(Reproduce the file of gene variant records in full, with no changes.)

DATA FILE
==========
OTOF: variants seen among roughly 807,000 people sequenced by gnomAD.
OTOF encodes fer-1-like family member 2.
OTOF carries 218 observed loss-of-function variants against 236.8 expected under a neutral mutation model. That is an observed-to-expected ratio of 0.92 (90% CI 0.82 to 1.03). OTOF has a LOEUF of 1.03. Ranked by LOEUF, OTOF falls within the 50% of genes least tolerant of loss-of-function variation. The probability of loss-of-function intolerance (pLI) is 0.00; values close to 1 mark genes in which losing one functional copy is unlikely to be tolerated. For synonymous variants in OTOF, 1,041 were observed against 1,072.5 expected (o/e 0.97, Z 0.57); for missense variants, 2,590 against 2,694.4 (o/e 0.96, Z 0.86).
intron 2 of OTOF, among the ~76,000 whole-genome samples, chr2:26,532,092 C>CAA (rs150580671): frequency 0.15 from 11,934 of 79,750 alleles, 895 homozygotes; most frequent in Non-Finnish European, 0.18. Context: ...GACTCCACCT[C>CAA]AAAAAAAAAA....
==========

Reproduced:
OTOF: variants seen among roughly 807,000 people sequenced by gnomAD.
OTOF encodes fer-1-like family member 2.
OTOF carries 218 observed loss-of-function variants against 236.8 expected under a neutral mutation model. That is an observed-to-expected ratio of 0.92 (90% CI 0.82 to 1.03). OTOF has a LOEUF of 1.03. Ranked by LOEUF, OTOF falls within the 50% of genes least tolerant of loss-of-function variation. The probability of loss-of-function intolerance (pLI) is 0.00; values close to 1 mark genes in which losing one functional copy is unlikely to be tolerated. For synonymous variants in OTOF, 1,041 were observed against 1,072.5 expected (o/e 0.97, Z 0.57); for missense variants, 2,590 against 2,694.4 (o/e 0.96, Z 0.86).
intron 2 of OTOF, among the ~76,000 whole-genome samples, chr2:26,532,092 C>CAA (rs150580671): frequency 0.15 from 11,934 of 79,750 alleles, 895 homozygotes; most frequent in Non-Finnish European, 0.18. Context: ...GACTCCACCT[C>CAA]AAAAAAAAAA....